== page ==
Several weeks ago, the topic of Taser use was initiated on this blog. The widespread adoption of their use by police authorities across the nation has raised many grave concerns. One of the most crucial, is the potential for confusion between electronic "stun guns" and regular service revolvers (pistols).
The video does nothing to establish conclusively exactly why or whether Mehserle "decided" to shoot Grant in the first place. Amateur video recordings of the event, taken from a distance of perhaps 30 feet, appear to show several officers attempting to subdue a group of African American teenagers who had been detained following a ruckus on the BART system. There is screaming and shouting from dozens of patrons on the platform and standing in the open train-car doorways. There's an atmosphere of raucousness and menace. Even a professionally trained peace officer, would have had trouble not feeling intimidated under these circumstances. Was any of these unruly young thugs carrying weapons? The officers certainly wouldn't have known, without searching them first. In the mood of the hour, it would have been prudent to assume that almost anyone at the scene was armed, and, given the angry confusion, capable of opening up on the the officers.
There are only three possible ways one can assume the shooting occurred:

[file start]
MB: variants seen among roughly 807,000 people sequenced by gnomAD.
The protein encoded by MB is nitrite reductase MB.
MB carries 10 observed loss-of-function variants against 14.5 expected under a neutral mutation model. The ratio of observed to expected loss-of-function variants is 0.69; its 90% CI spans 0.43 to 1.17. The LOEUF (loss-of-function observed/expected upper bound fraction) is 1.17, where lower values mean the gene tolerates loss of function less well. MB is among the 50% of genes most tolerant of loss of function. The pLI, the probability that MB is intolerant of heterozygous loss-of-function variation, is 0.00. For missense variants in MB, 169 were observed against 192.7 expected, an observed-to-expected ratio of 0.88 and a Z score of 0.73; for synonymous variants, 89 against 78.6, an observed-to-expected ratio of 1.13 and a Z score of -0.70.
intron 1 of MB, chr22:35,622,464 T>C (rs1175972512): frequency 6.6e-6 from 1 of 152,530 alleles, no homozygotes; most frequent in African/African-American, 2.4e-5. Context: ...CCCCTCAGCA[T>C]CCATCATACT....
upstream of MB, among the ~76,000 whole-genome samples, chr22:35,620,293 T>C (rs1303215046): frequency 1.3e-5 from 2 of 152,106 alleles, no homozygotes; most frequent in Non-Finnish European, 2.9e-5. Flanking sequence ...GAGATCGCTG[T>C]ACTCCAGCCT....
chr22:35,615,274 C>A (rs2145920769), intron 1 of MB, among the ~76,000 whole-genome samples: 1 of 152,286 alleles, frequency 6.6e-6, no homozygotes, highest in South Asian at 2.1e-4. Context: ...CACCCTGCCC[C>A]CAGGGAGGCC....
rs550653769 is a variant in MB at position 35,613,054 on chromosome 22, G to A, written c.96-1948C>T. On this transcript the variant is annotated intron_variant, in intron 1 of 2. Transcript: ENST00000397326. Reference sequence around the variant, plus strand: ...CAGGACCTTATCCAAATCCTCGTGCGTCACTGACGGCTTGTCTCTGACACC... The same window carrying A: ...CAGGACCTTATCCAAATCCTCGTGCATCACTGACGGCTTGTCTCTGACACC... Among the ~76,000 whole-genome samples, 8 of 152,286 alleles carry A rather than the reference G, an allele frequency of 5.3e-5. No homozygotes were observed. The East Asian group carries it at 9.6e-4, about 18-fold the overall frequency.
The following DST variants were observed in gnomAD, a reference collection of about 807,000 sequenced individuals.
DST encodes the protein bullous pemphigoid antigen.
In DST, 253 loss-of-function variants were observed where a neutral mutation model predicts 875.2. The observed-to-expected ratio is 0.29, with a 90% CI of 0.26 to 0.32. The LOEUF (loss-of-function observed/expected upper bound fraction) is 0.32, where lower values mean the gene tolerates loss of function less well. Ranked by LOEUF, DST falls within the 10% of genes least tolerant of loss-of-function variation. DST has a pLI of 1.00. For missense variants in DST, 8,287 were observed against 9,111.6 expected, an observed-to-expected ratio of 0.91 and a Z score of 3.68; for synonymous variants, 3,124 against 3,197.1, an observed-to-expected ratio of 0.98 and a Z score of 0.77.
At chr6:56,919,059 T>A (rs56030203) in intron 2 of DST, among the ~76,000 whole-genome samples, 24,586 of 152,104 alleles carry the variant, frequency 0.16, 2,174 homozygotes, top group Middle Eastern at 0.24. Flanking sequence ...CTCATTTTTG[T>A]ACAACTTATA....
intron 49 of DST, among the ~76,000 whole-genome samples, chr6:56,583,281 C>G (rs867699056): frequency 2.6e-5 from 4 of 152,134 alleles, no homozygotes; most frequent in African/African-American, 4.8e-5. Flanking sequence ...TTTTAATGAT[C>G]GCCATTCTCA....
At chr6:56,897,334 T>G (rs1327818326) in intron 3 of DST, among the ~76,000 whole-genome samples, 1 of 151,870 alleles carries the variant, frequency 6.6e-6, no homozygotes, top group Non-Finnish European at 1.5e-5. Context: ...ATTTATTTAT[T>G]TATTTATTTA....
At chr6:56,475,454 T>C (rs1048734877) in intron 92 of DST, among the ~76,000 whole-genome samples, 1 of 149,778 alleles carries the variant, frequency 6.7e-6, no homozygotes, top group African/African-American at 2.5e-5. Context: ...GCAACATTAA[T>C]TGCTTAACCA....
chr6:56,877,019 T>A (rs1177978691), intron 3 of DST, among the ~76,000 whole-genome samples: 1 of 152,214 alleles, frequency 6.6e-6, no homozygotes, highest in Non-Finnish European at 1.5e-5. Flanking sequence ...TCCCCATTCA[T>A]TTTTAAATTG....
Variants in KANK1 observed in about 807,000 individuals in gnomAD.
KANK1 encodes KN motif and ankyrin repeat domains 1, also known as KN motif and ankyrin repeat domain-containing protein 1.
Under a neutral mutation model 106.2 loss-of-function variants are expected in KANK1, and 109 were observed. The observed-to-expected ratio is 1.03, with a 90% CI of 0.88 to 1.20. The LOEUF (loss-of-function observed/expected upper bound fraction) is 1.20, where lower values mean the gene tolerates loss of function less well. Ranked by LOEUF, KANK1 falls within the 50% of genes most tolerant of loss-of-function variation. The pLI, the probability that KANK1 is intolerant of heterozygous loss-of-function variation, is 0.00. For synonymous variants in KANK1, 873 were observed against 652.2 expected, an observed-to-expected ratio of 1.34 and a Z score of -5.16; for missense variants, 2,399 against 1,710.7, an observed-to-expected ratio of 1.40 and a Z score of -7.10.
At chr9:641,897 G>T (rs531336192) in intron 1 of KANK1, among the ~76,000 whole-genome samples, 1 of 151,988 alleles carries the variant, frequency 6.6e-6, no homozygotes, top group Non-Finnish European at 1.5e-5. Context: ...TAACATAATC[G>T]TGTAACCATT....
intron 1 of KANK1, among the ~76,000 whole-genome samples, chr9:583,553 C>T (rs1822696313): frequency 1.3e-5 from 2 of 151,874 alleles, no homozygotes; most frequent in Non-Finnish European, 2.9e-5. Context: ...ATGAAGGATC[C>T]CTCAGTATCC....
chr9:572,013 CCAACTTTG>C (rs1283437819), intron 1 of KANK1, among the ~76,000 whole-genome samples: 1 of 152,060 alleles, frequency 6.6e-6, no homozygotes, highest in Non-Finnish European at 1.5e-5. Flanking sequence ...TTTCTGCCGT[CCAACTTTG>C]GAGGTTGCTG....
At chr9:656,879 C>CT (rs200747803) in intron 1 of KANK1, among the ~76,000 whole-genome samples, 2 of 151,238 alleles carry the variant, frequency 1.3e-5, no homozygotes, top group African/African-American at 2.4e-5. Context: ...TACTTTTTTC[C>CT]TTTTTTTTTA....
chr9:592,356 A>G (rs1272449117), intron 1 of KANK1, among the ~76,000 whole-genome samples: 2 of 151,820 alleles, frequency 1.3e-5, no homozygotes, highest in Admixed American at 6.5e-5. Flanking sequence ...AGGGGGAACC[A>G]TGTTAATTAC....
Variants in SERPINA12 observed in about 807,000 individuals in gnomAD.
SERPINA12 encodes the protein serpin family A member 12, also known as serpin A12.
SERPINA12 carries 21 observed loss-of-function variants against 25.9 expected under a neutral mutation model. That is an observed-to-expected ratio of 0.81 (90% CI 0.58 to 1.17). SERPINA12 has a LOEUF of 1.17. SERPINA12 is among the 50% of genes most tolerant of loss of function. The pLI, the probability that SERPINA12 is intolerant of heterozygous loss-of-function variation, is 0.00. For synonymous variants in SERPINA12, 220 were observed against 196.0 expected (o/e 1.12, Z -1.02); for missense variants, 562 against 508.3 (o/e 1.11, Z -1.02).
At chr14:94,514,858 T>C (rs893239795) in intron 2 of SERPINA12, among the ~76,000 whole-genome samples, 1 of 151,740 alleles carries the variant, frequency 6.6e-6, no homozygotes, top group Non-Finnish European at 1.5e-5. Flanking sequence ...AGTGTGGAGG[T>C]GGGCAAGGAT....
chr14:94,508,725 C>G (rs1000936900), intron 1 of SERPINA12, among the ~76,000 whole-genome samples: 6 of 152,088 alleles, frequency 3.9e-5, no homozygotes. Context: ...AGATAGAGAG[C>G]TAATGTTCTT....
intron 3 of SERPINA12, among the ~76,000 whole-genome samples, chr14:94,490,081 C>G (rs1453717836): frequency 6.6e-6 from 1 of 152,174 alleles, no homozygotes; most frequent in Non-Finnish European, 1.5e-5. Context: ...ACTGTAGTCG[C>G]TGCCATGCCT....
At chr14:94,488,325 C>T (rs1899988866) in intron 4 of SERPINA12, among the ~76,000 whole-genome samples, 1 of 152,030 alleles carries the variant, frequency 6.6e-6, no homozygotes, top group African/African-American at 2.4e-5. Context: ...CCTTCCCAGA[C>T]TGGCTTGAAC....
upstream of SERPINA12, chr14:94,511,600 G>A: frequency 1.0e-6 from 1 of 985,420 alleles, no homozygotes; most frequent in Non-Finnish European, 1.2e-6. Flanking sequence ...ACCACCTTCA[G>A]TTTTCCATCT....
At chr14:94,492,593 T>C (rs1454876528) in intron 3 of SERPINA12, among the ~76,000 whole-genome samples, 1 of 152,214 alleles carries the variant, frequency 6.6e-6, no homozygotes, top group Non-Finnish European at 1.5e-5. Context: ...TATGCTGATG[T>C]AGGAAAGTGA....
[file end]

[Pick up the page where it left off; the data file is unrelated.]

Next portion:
1) Mehserle thought Grant might have a gun tucked into his pants, and that he was squirming around trying to get into position to pull it out, and pulled out either his Taser or pistol in self-defense.
2) Mehserle, unable to get Grant's hands into cuffs, got frustrated and decided to Tase him, reaching mistakenly for his gun (instead) and plugging him in the back.
3) Mehserle, aroused and upset by all the shouting and scuffling, and Grant's uncooperativeness, lost his temper (or his cool) and simply decided to shoot him.
Under circumstances like these, it's important to remember that people don't always act rationally. Surrounded by half a dozen Black youths, all of them drunk or high, "acting up" and threatening, half-resisting arrest, blurting out racial epithets, with dozens more by-standers screaming and dancing around, is it any wonder that an officer might become confused, scared, angry, frustrated, or simply disoriented?
In order to buy the "deliberate" shooting version, you'd either have to accept that he actually thought that Grant was packing (is that an implausible suspicion, given the circumstances?), or that Mehserle simply went berserk.
Considering the range of possible interpretations of the incident, and looking at the available video versions, it's highly prejudicial for any officer of the court to conclude, privately or publicly, that Mehserle's actions, insofar as they are known to us at this point, lead to a conclusion that he "intended to use his gun." Judge Clay's statement in open court, and his peremptory suspension of the hearing, are clearly prejudicial in every possible sense.
Judge Clay should be reprimanded, and the whole matter should be re-tried. He has probably ruined any chance that Mehserle can be fairly tried in the immediate area.
This isn't justice, it's a lynch-mob mentality.